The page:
Trends in e-commerce in Pakistanw3badmin
One of the major winners from Covid-19 globally has been e-commerce companies. Based on data published by InsiderIntelligence, global online sales in 2021 are expected to be 19.5 per cent, compared to 13.9pc in 2019, a 45pc increase in 2 years. Pakistan has not been excluded from this trend; based on data published by the State Bank, the number of registered e-commerce merchants in Pakistan increased from 1,707 in 2019-20, to 3,003 in 2020-21, a 76pc increase.
In Pakistan, e-commerce tends to be dominated by business to consumer (B2C) companies. There are three main sectors, general e-commerce, groceries/quick(q)-commerce and fashion.
The most fiercely contested current sector in Pakistan is quick commerce/groceries, where Foodpanda and Airlift are the two big companies battling it out for market supremacy. Both have adopted the dark store model which requires a limited number of stock keeping units (SKUs) being stocked in different strategic locations spread across different neighbourhoods, allowing both companies to promise a sub-30-minute delivery in major cities. Another start-up, Munchies has raised $2.5 million to follow the dark store model and have launched operations in Karachi recently.
The reason for such big raises is that the dark store model requires heavy capital investment upfront to get operations up and running. Further, other big brand retailers (Carrefour, Al-Fatah, Metro etc) and start-ups (Grocer app, Hum mart, Cheetah, Bykea amongst others) are trying to compete in this space using different models.
Most people do not trust e-commerce in Pakistan which is why cash on delivery is still the preferred method for payment for the majority of online orders
Despite all the funding being raised by q-commerce companies, a fundamental question remains. Is q-commerce a model that will work in Pakistan? Pakistan has a lifestyle where the pace of life is slower compared to the US/Europe. The affluent have employed paid help and people tend to use shopping as an excuse to get out of the house as there are fewer leisure activities available. Right now, customers are using the services since there are multiple discounts doing the rounds as start-ups are fully funded and focused on obtaining customers. The question this raises is, how sticky and loyal will such customers be?
Fashion is an interesting sub-market as all the major retail brands have a significant presence online, and a few of them do limited stock drops online, which get sold in a matter of hours. Further, there is a variety of direct-to-consumer brands which exist based on social media targeting, particular categories (eg Fitted for men’s polos, Genie for Jeans), companies that buy stock from local factories and sell online (ExportLeftovers as a prime example). There is room for a bigger multibrand store/aggregator and clicky.pk and Buraqstore are vying for that space.
Global trends in fashion that have started in Pakistan but haven’t picked up are re-commerce (selling/renting of used clothes) and personal styling. Secret Stash is one local company that wants to create a marketplace for re-commerce, just like TredUp has done in the US.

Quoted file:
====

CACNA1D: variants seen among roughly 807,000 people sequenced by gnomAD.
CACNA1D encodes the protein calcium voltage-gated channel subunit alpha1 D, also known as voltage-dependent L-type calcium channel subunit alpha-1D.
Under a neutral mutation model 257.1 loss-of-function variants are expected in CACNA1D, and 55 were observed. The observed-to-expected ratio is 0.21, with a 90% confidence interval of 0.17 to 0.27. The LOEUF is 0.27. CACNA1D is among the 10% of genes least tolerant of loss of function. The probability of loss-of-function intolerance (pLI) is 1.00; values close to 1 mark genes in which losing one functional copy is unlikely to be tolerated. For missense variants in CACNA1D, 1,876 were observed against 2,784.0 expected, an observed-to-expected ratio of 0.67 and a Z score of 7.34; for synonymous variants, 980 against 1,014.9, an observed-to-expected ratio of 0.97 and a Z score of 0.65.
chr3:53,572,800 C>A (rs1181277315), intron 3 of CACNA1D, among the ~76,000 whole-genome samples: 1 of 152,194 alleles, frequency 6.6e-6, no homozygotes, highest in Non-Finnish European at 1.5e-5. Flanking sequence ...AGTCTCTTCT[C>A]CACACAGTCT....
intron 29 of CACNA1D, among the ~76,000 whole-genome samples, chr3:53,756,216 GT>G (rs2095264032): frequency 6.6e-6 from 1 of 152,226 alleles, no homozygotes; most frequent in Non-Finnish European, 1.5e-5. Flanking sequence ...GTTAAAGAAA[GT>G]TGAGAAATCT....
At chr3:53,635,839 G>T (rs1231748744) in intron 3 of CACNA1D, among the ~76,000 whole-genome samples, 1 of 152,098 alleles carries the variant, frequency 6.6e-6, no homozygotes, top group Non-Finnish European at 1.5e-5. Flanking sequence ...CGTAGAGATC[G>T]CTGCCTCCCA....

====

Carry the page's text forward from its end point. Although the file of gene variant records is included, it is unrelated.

Rent It, on the other hand, provides the opportunity to consumers to rent a dress by big fashion designers. There is economic sense to do this in Pakistan, and global comparables exist like Rent the Runway in the US, though they provide a monthly subscription of designer clothing to their customers.
Personal styling companies which utilise data and algorithms to suggest clothes have not been started in Pakistan yet. The US has StitchFix and is a space to look out for in the future.
By far the biggest player in e-commerce is Daraz, which doesn’t face any direct established competition. Incubated by Rocket Internet, and sold to AliBaba in 2018, Daraz has the financial muscle of AliBaba behind it and has been spending huge sums of money to bring e-commerce to the forefront of the public using their annual deals day, through sponsorships or more recently by streaming the T20 World Cup for free. Daraz wants to position itself as the premier e-commerce service with endless selection and quick delivery.
However, this doesn’t solve the company’s greatest challenge — an inherent lack of trust in the brand. This was at full display when a video of children from Gilgit unpacking a drone ordered from Daraz went viral last year because the listing was fake and the box was empty. A major reason for the video going viral is that this is an experience many Daraz users had felt at some point or the other. This is further validated by it having a score of 1.7/5 on Trustpilot, and being ranked 168/468 marketplaces for trust by Sitejabber.
Daraz launched DarazMall in 2019 to counter this, where only established brands sell their products to customers. OLX Group also launched their B2C competitor for Daraz, called OLXMall in November 2021.
This lack of trust is a mindset that most people in Pakistan approach e-commerce with. Furthermore, this is also the reason that cash on delivery is still the preferred method for payment for the majority of the online orders, which further compounds most vendors problems with the platform.
For e-commerce to grow further in Pakistan, the challenges to solve are clear — further digitise payments, improve last-mile logistics and better regulate to protect customers and empower them to claim refunds and return the products.
Published in Dawn, The Business and Finance Weekly, November 29th, 2021
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